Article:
Agronomy students finished third in the Precision Agriculture Contest and fourth in the Crops Judging Contest at NACTA. —Courtesy photo

May 7, 2019

Panhandle State Communications

Top Five Finishes for Agronomy at NACTA

Goodwell, Okla. — The Oklahoma Panhandle State University Agronomy Department made a great showing at the annual North American Colleges and Teachers of Agriculture (NACTA) Judging Conference. The event was held at Murray State University in Murray, Ky. April 10-13, 2019.

Agronomy Department Chair and Coach Dr. Curtis Bensch along with Assistant Coach Daren Stephens accompanied a group of five students to the event. The students including John Paul Kain, Coleman Sintas, Kierra Smartt, Ross Brown, and Allison Jones competed in three different contests.

The first of which was the Precision Agriculture competition and Kain, Brown, Sintas, and Jones finished as the third high team overall. The students excelled individually as well with Kain finishing second in the Harvesting section, Brown finishing third in the Planting section, Sintas finishing fifth high overall in the UAS section, and Jones finishing seventh in the Spraying category.

The Precision Agriculture contest was made up of three sections. In the component ID sections, students identified equipment used for data collection and variable rate application on a combine, planter, sprayer and drone. In the written exam section, students answered questions relating to precision ag management, hardware requirements, and precision irrigation. A third section involved analysis and interpretation of precision maps and/or data.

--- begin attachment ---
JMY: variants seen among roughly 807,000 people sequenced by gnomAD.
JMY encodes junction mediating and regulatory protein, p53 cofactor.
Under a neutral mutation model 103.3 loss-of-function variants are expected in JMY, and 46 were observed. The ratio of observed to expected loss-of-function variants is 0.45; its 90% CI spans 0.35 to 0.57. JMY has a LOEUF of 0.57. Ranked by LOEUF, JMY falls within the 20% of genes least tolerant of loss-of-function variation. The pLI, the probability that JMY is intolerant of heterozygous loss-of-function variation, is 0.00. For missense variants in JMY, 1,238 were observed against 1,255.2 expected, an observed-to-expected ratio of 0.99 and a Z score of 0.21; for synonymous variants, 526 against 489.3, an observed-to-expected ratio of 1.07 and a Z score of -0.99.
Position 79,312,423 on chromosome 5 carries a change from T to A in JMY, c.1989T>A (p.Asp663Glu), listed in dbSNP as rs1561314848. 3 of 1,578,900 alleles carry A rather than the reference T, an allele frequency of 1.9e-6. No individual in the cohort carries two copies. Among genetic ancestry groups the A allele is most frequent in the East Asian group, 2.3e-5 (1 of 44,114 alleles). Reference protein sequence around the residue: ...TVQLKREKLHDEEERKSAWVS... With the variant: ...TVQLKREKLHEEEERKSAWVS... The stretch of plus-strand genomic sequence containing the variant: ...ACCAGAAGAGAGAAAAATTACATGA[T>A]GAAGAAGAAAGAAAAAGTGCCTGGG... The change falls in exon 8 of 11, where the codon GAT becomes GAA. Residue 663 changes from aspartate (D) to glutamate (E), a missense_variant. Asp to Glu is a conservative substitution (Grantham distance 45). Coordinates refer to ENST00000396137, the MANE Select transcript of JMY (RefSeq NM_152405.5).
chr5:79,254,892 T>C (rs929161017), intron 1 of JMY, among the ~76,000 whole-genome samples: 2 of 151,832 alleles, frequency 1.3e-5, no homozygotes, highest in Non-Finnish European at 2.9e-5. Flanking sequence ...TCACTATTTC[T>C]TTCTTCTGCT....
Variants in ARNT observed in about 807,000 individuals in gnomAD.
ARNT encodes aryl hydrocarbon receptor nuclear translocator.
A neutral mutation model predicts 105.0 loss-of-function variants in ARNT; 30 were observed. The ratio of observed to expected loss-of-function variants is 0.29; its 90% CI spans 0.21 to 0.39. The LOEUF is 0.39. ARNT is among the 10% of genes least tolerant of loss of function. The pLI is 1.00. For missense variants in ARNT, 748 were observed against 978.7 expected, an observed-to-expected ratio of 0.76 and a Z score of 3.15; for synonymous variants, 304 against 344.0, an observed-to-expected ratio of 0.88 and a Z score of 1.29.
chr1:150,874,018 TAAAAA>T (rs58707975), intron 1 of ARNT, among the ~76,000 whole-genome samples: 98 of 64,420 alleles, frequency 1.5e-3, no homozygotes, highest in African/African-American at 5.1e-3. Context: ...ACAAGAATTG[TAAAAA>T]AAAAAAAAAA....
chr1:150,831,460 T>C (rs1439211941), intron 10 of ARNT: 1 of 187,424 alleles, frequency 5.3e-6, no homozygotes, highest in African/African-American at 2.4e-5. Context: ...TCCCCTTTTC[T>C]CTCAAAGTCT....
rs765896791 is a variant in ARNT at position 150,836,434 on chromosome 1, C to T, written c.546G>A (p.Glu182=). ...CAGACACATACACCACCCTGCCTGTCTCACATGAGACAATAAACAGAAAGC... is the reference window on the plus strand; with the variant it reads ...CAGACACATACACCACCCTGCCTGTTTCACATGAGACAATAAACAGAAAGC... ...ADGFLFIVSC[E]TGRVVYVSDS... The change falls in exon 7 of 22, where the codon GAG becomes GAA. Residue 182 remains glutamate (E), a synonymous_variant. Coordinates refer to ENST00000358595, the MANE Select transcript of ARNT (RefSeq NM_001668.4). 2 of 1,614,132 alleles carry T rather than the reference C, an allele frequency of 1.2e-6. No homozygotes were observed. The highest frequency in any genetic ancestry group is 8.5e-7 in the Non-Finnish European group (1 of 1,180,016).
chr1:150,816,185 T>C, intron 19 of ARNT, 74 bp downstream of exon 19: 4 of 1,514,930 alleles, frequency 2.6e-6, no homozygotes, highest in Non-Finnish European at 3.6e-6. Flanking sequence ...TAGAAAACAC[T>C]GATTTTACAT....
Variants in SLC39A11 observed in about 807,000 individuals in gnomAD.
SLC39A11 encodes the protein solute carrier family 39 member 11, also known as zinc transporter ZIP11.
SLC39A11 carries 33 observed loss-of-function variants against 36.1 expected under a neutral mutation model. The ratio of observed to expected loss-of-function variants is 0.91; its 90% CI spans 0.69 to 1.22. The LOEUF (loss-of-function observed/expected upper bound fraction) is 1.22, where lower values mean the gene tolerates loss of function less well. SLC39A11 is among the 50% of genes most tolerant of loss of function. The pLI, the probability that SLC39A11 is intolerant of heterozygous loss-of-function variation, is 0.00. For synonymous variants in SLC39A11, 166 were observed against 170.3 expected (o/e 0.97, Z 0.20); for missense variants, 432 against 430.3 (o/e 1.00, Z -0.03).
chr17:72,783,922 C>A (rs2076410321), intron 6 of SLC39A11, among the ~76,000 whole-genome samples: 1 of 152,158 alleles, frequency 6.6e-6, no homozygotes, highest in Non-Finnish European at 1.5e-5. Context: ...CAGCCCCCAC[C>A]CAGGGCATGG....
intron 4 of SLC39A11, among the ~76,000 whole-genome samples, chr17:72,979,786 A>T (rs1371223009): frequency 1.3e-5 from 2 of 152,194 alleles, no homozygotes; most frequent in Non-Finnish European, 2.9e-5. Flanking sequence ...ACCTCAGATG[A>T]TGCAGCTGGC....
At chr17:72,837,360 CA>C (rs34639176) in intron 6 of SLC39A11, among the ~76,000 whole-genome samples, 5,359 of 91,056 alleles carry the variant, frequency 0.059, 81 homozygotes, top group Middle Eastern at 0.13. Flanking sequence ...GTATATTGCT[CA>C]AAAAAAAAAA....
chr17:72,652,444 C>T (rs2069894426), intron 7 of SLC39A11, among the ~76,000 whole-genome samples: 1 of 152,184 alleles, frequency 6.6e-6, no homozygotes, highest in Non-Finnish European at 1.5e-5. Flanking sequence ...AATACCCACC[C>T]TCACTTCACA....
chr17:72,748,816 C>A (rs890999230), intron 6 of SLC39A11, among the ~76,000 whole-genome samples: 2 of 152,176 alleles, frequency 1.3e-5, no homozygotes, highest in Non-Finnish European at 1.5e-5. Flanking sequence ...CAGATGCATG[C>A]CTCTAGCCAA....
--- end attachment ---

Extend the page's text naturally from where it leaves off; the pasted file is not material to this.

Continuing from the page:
The students also competed in the Crops Judging Contest. The team of Kain, Brown, Smartt, and Jones finished a commending fourth overall out of 15 universities. Kain earned an impressive sixth place individual finish.

The crops judging competition is an intensive examination of agronomic skills and knowledge designed around the American Society of Agronomy (ASA) Certified Crop Adviser (CCA) program. The contest consists of four sections: laboratory practical, agronomic exam, math practical and plant and seed identification. In the laboratory practical, competitors identify insects, diseases, equipment, and crop products, plus determine crop growth stages, interpret pesticide labels or seed tags, name plant structures, identify nutrient deficiencies, and evaluate various crop production problems. The agronomic exam evaluated knowledge of crop production and management, crop physiology and breeding, soil properties, soil fertility, tillage, crop harvesting and storage, weeds, insects and diseases. The math practical included equipment calibration, pesticide application and other mathematical calculations. Plant and seed identification requires contestants to identify over 150 plant and seed specimens in vegetative and reproductive growth stages.

Panhandle State was also represented in the Knowledge Bowl contest consisting of questions focusing on agribusiness and farm management, ag mechanics, precision agriculture, animal science, crops and soils, horticulture, and current agricultural events. The team did well winning several rounds.

During the trip to Kentucky, the group had the opportunity to work out at the teaching facilities at Kansas State University in preparation for the Crops Judging contest. The students also got additional preparation for the Precision Agriculture contest at Lakelands Community College in Mattoon, Illinois. Sightseeing took place in St. Louis with a visit to the Budweiser Brewery and the St. Louis Arch. During their time at Murray State University, the team took a fascinating apiary (honeybee) tour.

Coach Curtis Bensch was extremely proud of the students and their finishes at the NACTA contests. “The students put in a lot of hard work in preparation for these events and in turn get a great deal of practical hands-on experience which is great for them as they prepare to start their careers as professional agronomists. I am already looking forward to next year and the upcoming group of what I feel will be another great group of young agronomists.”

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